“You know, I’ve decided on a title for my book.
I think you’ll like it. It’s very masculine.
In Mother****in’ Cold Blood, Bitch. Isn’t that dope?”

Monster’s Ink

BANG! A family massacre. What do you think of a person who’s capable of doing that? Raise your hand if you’re thinking – “Hey, he/she is probably just like me.” Any cold-blooded takers?

I think it’s just natural to separate ourselves from murderers, but intellects like Truman Capote try to separate themselves from such simpleminded thinking. Capote (Philip Seymour Hoffman), a gifted and popular writer of his times, thinks in a bigger picture. He’s an outside-the-box explorer. In 1959, he arrives in a Kansas town, where a family was massacred. He wants to write an article, but as he investigates, people are leery of him.

Capote talks in a weird voice, his mannerism is somewhat effeminate, and his fashion screams “I’m a sophisticated New Yorker.” But Truman has a way of winning over people; he’s an engaging god of gab. With the help of gal pal Harper Lee (Catherine Keener), the man manages to accumulate the collective response of a town struck by a tragedy.

Events turn more interesting when the supposed perpetrators Perry Smith (Clifton Collins, Jr.) and Richard Hickock (Mark Pellegrino) are caught. Capote jumps at the chance to talk with Perry Smith, who’s more of a portrait of a damaged soul than a soulless killer. The writer profoundly discovers they have a common bond. Capote is hooked and lengthens the article into a novel.

This is a film for the inquisitive. I was curious about Capote, the way Capote was curious of Perry Smith. And what the hell – I was curious about his curiosity too – so cats beware! There’s just something indescribable about him and he touches upon it in one telling scene.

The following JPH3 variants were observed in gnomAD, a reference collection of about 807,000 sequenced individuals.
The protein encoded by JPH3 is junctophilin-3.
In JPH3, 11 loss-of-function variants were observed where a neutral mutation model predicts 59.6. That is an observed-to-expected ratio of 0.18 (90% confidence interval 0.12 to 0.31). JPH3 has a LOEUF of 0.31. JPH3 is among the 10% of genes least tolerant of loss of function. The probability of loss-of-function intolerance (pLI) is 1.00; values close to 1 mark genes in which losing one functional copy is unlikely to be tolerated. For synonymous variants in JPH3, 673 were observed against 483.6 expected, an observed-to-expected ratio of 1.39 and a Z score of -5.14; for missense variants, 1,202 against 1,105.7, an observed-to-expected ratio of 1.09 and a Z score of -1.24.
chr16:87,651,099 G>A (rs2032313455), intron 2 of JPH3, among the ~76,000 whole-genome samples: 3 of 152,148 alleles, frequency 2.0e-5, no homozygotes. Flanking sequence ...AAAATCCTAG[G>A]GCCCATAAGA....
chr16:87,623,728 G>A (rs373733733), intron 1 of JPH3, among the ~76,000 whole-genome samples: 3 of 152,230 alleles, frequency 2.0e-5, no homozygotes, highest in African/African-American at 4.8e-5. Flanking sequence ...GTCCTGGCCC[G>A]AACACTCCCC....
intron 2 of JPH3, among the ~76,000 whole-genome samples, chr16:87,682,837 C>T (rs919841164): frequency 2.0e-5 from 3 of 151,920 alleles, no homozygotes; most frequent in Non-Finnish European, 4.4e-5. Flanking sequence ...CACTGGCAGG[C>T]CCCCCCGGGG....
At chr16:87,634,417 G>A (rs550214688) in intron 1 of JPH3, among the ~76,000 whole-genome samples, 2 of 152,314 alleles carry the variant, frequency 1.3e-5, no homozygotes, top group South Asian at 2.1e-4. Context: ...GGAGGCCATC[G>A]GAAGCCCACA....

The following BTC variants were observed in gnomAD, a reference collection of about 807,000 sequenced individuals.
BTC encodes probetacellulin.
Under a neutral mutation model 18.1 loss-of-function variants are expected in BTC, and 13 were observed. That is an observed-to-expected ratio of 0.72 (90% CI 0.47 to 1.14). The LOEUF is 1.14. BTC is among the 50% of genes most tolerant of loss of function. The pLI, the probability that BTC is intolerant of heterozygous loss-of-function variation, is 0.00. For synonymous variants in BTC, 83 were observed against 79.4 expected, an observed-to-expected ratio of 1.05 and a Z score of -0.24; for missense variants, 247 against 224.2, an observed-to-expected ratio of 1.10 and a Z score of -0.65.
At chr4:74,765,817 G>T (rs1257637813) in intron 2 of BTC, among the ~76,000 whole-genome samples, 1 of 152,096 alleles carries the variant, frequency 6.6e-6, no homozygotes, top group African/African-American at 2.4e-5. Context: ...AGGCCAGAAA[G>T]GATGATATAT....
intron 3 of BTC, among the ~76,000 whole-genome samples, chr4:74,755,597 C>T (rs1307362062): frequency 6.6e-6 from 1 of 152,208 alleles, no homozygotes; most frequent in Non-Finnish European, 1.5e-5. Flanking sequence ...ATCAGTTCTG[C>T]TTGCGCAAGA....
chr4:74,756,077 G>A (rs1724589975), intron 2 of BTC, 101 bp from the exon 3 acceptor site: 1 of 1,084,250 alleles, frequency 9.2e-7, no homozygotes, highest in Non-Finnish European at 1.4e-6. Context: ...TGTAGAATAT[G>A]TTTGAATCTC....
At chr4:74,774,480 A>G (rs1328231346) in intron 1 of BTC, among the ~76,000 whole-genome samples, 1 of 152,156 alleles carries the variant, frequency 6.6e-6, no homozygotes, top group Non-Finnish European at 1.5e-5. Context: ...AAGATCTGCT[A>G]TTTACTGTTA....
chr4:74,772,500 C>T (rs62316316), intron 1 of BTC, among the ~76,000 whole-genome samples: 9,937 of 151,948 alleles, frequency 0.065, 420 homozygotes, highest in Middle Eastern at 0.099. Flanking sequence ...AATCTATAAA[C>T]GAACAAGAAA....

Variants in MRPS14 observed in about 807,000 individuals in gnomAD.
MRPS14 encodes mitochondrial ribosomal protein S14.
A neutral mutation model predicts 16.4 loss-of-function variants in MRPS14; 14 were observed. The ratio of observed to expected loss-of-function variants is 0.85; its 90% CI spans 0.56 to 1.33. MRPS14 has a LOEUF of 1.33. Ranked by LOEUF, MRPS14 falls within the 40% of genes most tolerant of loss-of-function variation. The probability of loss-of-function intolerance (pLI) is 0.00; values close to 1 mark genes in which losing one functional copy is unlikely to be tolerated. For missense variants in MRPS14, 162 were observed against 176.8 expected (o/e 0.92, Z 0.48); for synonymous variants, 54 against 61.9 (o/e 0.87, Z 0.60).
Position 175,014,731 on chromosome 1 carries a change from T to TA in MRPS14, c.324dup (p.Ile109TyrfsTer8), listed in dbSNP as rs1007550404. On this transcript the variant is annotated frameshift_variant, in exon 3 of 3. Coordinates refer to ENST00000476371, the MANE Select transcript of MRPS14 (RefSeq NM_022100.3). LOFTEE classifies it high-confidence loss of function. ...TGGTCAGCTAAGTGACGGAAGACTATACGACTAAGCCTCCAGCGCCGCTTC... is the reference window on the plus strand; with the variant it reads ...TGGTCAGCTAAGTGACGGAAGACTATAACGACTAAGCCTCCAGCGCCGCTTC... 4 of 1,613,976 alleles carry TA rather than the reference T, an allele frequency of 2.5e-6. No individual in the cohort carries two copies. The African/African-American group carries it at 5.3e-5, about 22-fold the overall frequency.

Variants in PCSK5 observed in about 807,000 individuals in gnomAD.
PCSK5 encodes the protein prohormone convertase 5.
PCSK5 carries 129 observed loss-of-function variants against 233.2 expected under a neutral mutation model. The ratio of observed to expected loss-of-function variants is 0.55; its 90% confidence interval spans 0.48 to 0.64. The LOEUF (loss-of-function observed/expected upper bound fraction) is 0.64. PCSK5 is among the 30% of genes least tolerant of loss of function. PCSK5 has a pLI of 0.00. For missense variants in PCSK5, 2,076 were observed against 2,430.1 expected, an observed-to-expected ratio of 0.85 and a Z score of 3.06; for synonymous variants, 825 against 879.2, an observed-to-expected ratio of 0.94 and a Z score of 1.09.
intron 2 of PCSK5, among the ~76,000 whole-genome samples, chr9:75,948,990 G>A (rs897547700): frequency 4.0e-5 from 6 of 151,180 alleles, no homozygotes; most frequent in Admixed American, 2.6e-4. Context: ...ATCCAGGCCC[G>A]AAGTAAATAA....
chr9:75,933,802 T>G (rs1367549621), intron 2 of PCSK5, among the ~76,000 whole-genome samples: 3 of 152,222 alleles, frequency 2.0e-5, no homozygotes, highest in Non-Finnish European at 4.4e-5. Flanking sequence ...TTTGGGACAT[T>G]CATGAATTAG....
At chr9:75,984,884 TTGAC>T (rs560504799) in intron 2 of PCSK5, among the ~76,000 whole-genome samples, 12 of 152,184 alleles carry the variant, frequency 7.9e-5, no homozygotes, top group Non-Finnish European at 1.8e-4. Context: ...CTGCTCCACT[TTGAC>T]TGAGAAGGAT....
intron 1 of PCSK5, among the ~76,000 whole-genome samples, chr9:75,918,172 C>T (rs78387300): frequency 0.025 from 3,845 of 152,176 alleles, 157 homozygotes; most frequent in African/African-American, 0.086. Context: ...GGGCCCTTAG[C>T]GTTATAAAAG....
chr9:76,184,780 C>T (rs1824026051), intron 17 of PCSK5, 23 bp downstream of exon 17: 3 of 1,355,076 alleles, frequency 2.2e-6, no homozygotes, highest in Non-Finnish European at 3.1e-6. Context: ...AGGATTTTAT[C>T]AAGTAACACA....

“Ever since I was a child, folks have thought they had me pegged, because of the way I am, the way I talk. And they’re always wrong.”

He’s right. It’s more likely that the man will have you pegged. He is cunningly perceptive and according to him, has the talent of recalling 94% of conversations.

As Capote, Philip Seymour Hoffman amazingly disappears in the role. In his first scene, you can tell why he was nominated. But it takes the whole movie to find out why he won Best Actor. The beauty of his performance lies in Dan Futterman’s screenplay. Truman is never a one note quirk; he’s given an emotional arc to struggle with. Hoffman’s mission is to embody a strange man, but must breakthrough that man’s strangeness to humanly connect with the audience. It’s a “mission impossible” accomplished.

In the supporting role, Clifton Collins Jr. is strangely affecting. His Perry Smith is a very sad man and you can understand why he invests his hope creepily on Capote. I mean, think about it. If you’re a nobody and then suddenly, a famous writer wants to articulate your life, wouldn’t you be thrilled? Capote is Smith’s chance of redemption, a chance to be humanized, and yet, in the process, it is Capote who alters into a monster. As author Harper Lee, Catherine Keener plays a steady moral ground for Capote. I’m baffled though as why was she nominated in this role. Don’t raise your hand if you think she does an even better work in “The 40-Year-Old Virgin.” Just as I thought – majority rules.

I wish there are more biopics like “Capote,” where it captures a man’s essence in a matter of few years, not in bloated decades. Director Bennett Miller strives for a muted mood, with Mychael Danna lazily providing a one-piano-key-at-the-time music. The film can be somber, but far from boring due to Hoffman’s performance. I just wish the film had more impact or just something more I couldn’t describe. At least, there’s always the nonfiction novel “In Cold Blood” to enrich the story even further. No, it’s not “the end” yet.

Grade: A-

Philip Seymour Hoffman, Catherine Keener, Clifton Collins Jr., Chris Cooper, Bruce Greenwood, Bob Balaban, Mark Pellegrino, Amy Ryan, Allie Mickelson, Marshall Bell, Araby Lockhart
Screenplay by
Dan Futterman
Based on the book Capote by
Gerald Clarke
Directed by
Benneth Miller
Rated R for some violent images and brief strong language